4. Our tv is on quite a bit, and having it on so much sometimes makes me feel like we watch too much. Though I have noticed mostly it’s just background noise. The tv will be on while my daughter is playing in front of it. It doesn’t have all her attention but she’ll occasionally sit up and watch it for a bit and then go back to what she’s doing. Lately I’ve just tried to make the point of turning it off for a bit while she’s playing and especially when she leaves the room.

    Anyway I like your tv philosophy. Also my family loves Phineas and Ferb too.

  5. I feel mildly guilty about it, but I’m *yearning* for the day when my 15 month old finds TV interesting enough to get happily absorbed in a half-hour show while I take a shower, or speed-clean the house without “help,” or just sit in a room by myself and decompress! It was such a relief when my now-5-year-old finally hit that stage (around 2). On the other hand, I really hate commercials. For now, PBS shows on a DVR have been fine, but when my older one starts wanting to watch other things we’ll probably have to renegotiate everything. I’ll have to look into this Netflix thing I keep hearing about…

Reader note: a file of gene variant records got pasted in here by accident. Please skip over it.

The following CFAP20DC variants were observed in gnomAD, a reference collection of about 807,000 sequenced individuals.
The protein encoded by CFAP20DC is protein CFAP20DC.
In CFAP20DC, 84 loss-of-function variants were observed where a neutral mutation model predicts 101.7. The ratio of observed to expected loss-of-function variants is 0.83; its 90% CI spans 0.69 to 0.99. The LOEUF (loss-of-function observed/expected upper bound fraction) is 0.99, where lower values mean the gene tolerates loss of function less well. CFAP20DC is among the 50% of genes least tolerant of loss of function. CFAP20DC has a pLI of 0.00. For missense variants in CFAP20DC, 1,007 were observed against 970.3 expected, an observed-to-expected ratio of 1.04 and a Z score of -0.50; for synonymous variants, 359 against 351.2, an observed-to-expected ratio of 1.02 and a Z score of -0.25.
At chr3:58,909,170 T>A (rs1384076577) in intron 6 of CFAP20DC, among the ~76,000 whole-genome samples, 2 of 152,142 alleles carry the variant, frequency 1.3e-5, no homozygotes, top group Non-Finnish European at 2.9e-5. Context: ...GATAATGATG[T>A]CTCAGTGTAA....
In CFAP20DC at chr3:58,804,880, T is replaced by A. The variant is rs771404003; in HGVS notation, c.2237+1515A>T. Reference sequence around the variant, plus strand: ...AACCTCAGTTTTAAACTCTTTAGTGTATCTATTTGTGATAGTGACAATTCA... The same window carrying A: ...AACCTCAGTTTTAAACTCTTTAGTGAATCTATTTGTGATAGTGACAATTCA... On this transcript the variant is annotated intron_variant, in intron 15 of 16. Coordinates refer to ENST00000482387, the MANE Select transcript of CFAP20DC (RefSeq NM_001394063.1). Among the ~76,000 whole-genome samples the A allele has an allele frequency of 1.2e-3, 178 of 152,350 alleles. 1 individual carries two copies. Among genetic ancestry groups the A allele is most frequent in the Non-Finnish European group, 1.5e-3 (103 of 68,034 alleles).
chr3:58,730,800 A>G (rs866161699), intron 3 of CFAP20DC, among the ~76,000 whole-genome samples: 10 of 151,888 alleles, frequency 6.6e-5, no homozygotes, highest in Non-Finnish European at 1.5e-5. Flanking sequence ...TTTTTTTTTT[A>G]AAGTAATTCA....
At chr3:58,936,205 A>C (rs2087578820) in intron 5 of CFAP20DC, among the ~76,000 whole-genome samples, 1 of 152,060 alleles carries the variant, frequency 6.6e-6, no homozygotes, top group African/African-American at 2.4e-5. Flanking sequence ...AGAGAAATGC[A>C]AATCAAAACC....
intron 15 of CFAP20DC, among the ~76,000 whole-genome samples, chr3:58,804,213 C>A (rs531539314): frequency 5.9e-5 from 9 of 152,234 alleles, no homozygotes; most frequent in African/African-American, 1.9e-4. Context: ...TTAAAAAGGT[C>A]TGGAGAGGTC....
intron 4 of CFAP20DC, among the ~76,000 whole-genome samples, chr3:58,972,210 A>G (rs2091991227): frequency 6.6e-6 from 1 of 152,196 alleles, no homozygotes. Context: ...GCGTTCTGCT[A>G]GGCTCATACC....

6. I don’t have children yet, so I’m sure I’ll have to negotiate those decisions when I come to them. But I did feel better about my own TV watching after reading this book.

    The idea is that we shouldn’t focus exclusively on the subject matter of TV or video games– Even the “lowest”-brow of these has increased dramatically in complexity of story lines and mental activity required of the viewer, and the author doesn’t think it’s a coincidence that our standardized intelligence tests keep having to be re-standardized due to a continual upward drift. For example, they had to change the tests of spacial intelligence after Tetris came out!

  7. We have about the same attitude with television and other screens.

    I had completely forgotten about the Wild Thornberries. I LOVE that show (watched it with my now almost 17 year old). I will definitely have to get the kids watching it on Netflix.

  8. Great post.

    My husband and I watch a lot of TV and love it. But we don’t allow our kids to watch just yet, and that has worked for us. We’d like to make watching a movie for the first time a special rite of passage when each child turns six. But I can see both sides, for sure.